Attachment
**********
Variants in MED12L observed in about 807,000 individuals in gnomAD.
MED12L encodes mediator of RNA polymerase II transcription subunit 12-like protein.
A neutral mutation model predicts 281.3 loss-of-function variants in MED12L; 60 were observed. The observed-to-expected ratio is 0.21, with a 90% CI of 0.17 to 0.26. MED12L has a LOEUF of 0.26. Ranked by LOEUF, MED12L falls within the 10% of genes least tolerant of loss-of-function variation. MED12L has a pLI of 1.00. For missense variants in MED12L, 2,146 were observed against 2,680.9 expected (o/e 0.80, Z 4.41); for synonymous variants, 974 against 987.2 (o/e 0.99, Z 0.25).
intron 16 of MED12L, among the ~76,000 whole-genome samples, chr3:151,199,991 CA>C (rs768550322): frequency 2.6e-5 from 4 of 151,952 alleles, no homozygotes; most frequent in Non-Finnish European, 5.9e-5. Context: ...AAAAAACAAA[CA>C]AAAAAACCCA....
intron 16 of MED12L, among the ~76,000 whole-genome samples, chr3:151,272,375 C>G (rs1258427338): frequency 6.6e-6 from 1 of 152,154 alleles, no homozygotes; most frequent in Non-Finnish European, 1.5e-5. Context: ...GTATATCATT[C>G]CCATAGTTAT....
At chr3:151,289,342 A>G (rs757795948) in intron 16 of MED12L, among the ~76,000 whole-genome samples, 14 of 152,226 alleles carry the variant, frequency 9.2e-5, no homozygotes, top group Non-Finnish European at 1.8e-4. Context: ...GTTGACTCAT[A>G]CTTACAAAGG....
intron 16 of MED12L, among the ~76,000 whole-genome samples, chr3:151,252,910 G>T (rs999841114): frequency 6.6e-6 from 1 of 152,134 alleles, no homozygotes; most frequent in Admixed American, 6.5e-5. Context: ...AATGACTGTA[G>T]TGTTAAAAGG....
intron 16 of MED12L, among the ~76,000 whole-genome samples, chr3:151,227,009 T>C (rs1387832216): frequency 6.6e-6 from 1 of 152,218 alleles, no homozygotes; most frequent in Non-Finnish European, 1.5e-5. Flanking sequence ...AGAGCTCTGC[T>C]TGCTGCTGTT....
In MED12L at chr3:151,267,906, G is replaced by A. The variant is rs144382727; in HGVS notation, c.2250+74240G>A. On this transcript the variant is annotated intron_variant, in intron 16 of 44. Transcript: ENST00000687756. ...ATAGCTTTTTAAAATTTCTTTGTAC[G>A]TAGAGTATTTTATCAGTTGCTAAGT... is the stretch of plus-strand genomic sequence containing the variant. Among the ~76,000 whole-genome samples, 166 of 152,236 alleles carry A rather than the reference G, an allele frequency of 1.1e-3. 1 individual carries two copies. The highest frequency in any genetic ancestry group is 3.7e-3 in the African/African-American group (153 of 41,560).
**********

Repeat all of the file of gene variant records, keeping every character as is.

Variants in MED12L observed in about 807,000 individuals in gnomAD.
MED12L encodes mediator of RNA polymerase II transcription subunit 12-like protein.
A neutral mutation model predicts 281.3 loss-of-function variants in MED12L; 60 were observed. The observed-to-expected ratio is 0.21, with a 90% CI of 0.17 to 0.26. MED12L has a LOEUF of 0.26. Ranked by LOEUF, MED12L falls within the 10% of genes least tolerant of loss-of-function variation. MED12L has a pLI of 1.00. For missense variants in MED12L, 2,146 were observed against 2,680.9 expected (o/e 0.80, Z 4.41); for synonymous variants, 974 against 987.2 (o/e 0.99, Z 0.25).
intron 16 of MED12L, among the ~76,000 whole-genome samples, chr3:151,199,991 CA>C (rs768550322): frequency 2.6e-5 from 4 of 151,952 alleles, no homozygotes; most frequent in Non-Finnish European, 5.9e-5. Context: ...AAAAAACAAA[CA>C]AAAAAACCCA....
intron 16 of MED12L, among the ~76,000 whole-genome samples, chr3:151,272,375 C>G (rs1258427338): frequency 6.6e-6 from 1 of 152,154 alleles, no homozygotes; most frequent in Non-Finnish European, 1.5e-5. Context: ...GTATATCATT[C>G]CCATAGTTAT....
At chr3:151,289,342 A>G (rs757795948) in intron 16 of MED12L, among the ~76,000 whole-genome samples, 14 of 152,226 alleles carry the variant, frequency 9.2e-5, no homozygotes, top group Non-Finnish European at 1.8e-4. Context: ...GTTGACTCAT[A>G]CTTACAAAGG....
intron 16 of MED12L, among the ~76,000 whole-genome samples, chr3:151,252,910 G>T (rs999841114): frequency 6.6e-6 from 1 of 152,134 alleles, no homozygotes; most frequent in Admixed American, 6.5e-5. Context: ...AATGACTGTA[G>T]TGTTAAAAGG....
intron 16 of MED12L, among the ~76,000 whole-genome samples, chr3:151,227,009 T>C (rs1387832216): frequency 6.6e-6 from 1 of 152,218 alleles, no homozygotes; most frequent in Non-Finnish European, 1.5e-5. Flanking sequence ...AGAGCTCTGC[T>C]TGCTGCTGTT....
In MED12L at chr3:151,267,906, G is replaced by A. The variant is rs144382727; in HGVS notation, c.2250+74240G>A. On this transcript the variant is annotated intron_variant, in intron 16 of 44. Transcript: ENST00000687756. ...ATAGCTTTTTAAAATTTCTTTGTAC[G>A]TAGAGTATTTTATCAGTTGCTAAGT... is the stretch of plus-strand genomic sequence containing the variant. Among the ~76,000 whole-genome samples, 166 of 152,236 alleles carry A rather than the reference G, an allele frequency of 1.1e-3. 1 individual carries two copies. The highest frequency in any genetic ancestry group is 3.7e-3 in the African/African-American group (153 of 41,560).